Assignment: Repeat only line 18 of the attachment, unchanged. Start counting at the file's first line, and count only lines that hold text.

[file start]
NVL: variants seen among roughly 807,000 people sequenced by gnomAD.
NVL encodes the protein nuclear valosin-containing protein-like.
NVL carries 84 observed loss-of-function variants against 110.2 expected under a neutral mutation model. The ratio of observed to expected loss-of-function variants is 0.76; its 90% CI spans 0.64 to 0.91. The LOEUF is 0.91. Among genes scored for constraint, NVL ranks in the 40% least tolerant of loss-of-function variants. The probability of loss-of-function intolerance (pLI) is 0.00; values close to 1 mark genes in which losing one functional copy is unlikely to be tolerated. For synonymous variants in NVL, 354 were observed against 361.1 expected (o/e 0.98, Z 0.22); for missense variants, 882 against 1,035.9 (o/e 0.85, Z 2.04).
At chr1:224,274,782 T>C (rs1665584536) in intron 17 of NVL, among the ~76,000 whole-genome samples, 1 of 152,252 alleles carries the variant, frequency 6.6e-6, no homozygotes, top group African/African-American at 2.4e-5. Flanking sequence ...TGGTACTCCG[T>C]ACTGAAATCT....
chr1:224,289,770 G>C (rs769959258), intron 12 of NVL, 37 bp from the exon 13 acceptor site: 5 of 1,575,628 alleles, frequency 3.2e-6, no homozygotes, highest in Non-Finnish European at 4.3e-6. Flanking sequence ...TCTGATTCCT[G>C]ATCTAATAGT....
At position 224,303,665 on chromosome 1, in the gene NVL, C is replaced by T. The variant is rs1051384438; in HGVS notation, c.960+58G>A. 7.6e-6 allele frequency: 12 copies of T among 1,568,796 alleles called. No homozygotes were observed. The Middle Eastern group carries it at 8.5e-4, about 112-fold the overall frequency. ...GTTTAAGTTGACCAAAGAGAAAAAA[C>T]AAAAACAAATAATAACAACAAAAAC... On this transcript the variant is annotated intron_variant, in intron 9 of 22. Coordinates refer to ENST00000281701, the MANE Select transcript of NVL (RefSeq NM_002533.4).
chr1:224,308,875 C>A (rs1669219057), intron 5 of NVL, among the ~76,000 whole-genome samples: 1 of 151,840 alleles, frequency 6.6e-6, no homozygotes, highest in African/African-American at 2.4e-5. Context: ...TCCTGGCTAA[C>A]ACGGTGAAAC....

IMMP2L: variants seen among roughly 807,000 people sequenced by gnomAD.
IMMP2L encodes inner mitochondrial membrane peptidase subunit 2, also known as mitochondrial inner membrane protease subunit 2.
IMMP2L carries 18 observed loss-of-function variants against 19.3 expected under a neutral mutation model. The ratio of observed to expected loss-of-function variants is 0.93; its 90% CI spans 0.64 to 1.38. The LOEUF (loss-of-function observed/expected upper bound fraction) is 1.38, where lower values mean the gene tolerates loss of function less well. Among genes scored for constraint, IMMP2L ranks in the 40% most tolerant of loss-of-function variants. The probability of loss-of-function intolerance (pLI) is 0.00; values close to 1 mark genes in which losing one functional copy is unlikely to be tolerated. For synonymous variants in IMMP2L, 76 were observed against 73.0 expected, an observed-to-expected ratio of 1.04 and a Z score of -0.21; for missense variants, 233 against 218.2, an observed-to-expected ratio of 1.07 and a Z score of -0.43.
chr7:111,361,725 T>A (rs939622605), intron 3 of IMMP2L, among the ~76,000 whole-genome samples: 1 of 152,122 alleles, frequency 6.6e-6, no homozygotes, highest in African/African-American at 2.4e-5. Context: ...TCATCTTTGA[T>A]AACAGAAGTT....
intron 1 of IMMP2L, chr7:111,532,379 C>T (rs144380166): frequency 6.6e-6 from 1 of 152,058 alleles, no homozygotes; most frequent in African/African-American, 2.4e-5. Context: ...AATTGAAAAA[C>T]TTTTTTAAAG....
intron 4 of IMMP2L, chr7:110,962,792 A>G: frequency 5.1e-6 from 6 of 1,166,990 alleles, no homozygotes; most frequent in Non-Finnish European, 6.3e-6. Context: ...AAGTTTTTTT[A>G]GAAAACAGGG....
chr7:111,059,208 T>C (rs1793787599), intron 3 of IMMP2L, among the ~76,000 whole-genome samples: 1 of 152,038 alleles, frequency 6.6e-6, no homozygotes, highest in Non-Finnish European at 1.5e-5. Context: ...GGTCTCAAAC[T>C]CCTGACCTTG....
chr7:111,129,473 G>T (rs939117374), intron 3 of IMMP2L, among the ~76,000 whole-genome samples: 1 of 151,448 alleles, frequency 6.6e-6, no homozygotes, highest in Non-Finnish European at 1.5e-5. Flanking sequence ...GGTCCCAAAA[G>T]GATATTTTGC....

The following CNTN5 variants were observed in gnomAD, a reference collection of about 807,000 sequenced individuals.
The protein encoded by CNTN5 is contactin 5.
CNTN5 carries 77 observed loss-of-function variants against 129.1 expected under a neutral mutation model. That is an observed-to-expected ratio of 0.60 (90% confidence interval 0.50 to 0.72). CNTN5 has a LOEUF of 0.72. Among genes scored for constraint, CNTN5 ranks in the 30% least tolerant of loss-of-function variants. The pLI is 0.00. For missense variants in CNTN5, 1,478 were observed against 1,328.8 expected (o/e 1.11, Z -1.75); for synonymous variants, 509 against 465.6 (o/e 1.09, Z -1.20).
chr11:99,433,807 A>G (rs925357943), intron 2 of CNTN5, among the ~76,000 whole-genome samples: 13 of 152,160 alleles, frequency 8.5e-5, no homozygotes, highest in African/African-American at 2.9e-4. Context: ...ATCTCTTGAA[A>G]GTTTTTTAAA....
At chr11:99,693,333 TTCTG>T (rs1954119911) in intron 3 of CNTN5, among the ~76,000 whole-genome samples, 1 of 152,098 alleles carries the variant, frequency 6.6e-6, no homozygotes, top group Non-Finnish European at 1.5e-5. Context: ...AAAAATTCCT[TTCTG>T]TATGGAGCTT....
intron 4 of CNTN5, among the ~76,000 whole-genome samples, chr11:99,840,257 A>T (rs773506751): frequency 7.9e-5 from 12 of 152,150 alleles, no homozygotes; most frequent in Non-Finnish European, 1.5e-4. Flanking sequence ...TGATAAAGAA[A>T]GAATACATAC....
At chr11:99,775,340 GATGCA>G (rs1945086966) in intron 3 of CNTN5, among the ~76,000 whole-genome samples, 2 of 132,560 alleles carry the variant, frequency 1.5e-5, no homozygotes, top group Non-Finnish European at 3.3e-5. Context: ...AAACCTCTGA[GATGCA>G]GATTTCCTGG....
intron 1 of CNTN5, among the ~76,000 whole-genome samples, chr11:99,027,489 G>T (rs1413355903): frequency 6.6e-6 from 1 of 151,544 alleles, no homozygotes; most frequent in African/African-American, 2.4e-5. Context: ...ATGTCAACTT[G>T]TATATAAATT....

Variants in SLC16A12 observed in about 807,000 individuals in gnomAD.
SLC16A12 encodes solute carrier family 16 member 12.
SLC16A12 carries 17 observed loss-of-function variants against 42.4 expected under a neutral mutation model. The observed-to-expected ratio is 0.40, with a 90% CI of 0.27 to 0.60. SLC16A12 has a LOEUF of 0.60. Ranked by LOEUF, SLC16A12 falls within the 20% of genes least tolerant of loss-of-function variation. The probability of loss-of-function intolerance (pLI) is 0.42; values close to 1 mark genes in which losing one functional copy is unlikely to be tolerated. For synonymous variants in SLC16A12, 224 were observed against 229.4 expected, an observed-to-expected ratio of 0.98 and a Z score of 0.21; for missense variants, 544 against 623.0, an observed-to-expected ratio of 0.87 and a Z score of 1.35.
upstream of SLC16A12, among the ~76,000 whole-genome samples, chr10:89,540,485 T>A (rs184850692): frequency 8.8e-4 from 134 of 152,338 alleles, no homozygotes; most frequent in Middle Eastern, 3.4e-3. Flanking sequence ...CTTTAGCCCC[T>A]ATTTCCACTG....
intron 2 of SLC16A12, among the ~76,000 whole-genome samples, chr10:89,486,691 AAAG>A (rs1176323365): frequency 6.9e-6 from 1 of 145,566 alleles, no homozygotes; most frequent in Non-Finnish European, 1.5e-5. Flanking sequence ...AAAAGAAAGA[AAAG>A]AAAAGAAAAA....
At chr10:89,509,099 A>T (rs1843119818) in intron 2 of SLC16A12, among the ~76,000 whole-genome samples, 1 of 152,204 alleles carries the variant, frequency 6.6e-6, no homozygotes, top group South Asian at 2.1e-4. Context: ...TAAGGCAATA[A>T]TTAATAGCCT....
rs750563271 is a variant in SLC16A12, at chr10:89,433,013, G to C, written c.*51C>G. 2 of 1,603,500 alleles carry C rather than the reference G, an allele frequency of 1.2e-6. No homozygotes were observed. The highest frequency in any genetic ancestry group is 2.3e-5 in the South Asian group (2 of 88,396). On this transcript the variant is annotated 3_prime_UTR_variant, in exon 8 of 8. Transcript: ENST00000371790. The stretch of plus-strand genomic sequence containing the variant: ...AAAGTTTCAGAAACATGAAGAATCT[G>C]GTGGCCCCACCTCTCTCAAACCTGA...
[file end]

CNTN5 carries 77 observed loss-of-function variants against 129.1 expected under a neutral mutation model. That is an observed-to-expected ratio of 0.60 (90% confidence interval 0.50 to 0.72). CNTN5 has a LOEUF of 0.72. Among genes scored for constraint, CNTN5 ranks in the 30% least tolerant of loss-of-function variants. The pLI is 0.00. For missense variants in CNTN5, 1,478 were observed against 1,328.8 expected (o/e 1.11, Z -1.75); for synonymous variants, 509 against 465.6 (o/e 1.09, Z -1.20).